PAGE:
However, finding other lenders that are willing to let you borrow money to pay off your defaulted mortgage can be difficult.
Whether a power of sale is better than a foreclosure depends on the current market value of your home and the remaining amount of your mortgage. A foreclosure protects you from owing any further amount to your lender if your home’s value decreased significantly, but you won’t be able to gain anything if the value of your home increased instead.
For example, if a mortgage had an outstanding balance of $300,000 and the lender foreclosed the home and sold it for $200,000, the lender cannot sue the borrower for the remaining $100,000 still owed.
On the other hand, you can receive the excess money from the sale of your home with a power of sale, but you’ll also need to pay money if there is any shortfall. For example, let’s say that a homeowner defaults on a $300,000 mortgage on a home that is worth $400,000. The lender sells that home at market value and has to pay $30,000 in costs to sell the home, including legal fees and commissions. After paying the closing costs and mortgage, there is $70,000 left over. The homeowner will receive $70,000.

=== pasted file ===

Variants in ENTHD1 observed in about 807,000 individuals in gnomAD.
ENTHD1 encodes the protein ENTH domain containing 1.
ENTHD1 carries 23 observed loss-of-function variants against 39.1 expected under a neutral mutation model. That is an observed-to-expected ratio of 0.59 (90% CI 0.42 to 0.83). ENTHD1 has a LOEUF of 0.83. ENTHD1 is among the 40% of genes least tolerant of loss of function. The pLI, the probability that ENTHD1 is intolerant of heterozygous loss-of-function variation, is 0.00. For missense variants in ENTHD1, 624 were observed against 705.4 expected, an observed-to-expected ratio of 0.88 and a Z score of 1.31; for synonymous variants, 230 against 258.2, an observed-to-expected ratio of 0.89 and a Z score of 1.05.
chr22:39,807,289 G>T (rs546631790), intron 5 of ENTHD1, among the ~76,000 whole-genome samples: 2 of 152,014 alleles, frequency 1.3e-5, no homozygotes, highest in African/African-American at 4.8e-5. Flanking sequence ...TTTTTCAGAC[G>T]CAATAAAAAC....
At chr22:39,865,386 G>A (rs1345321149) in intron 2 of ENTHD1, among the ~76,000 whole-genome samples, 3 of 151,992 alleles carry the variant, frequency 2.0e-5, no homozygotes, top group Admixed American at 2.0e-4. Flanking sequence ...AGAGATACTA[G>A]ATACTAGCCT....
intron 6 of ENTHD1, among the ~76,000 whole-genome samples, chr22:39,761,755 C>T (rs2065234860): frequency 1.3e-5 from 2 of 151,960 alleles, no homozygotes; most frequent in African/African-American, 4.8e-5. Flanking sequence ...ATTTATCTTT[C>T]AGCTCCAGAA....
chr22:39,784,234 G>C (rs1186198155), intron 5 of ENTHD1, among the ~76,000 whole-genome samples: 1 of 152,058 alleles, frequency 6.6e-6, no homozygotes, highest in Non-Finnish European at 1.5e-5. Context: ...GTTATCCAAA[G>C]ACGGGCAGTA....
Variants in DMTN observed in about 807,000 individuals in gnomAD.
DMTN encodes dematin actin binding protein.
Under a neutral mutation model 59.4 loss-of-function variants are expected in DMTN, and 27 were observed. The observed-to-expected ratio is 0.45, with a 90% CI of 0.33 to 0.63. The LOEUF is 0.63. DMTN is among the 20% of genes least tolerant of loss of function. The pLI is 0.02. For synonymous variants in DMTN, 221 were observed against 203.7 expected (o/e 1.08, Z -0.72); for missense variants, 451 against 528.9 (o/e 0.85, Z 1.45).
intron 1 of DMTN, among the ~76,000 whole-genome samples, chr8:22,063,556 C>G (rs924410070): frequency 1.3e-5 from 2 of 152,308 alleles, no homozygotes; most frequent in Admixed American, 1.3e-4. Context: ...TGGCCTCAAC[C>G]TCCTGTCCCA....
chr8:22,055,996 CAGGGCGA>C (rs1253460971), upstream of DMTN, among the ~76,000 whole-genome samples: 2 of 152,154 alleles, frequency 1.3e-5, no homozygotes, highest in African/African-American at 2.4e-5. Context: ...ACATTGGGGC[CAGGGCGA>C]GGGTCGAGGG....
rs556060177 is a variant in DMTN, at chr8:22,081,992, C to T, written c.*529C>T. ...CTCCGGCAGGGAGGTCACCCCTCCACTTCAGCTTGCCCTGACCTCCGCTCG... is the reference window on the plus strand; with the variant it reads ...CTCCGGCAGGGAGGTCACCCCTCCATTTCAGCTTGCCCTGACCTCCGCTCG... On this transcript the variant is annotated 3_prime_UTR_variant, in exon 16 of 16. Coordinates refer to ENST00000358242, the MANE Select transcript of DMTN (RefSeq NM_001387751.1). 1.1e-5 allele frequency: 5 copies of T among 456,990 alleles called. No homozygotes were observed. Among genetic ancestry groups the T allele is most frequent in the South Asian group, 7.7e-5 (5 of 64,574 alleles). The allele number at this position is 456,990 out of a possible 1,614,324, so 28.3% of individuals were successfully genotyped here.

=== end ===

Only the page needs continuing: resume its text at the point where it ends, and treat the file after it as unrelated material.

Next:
Homeowners facing a power of sale are not likely to receive any excess money, since mortgage defaults generally happen more often if the amount that they still owe on the mortgage is more than what the home is actually worth. If the homeowner has an underwater mortgage, such as if they have a $300,000 mortgage on a home worth $200,000, then the homeowner will not receive any money. Instead, the lender will sue the homeowner for the unpaid amount. In this case, the unpaid amount is $130,000, considering $30,000 in selling costs.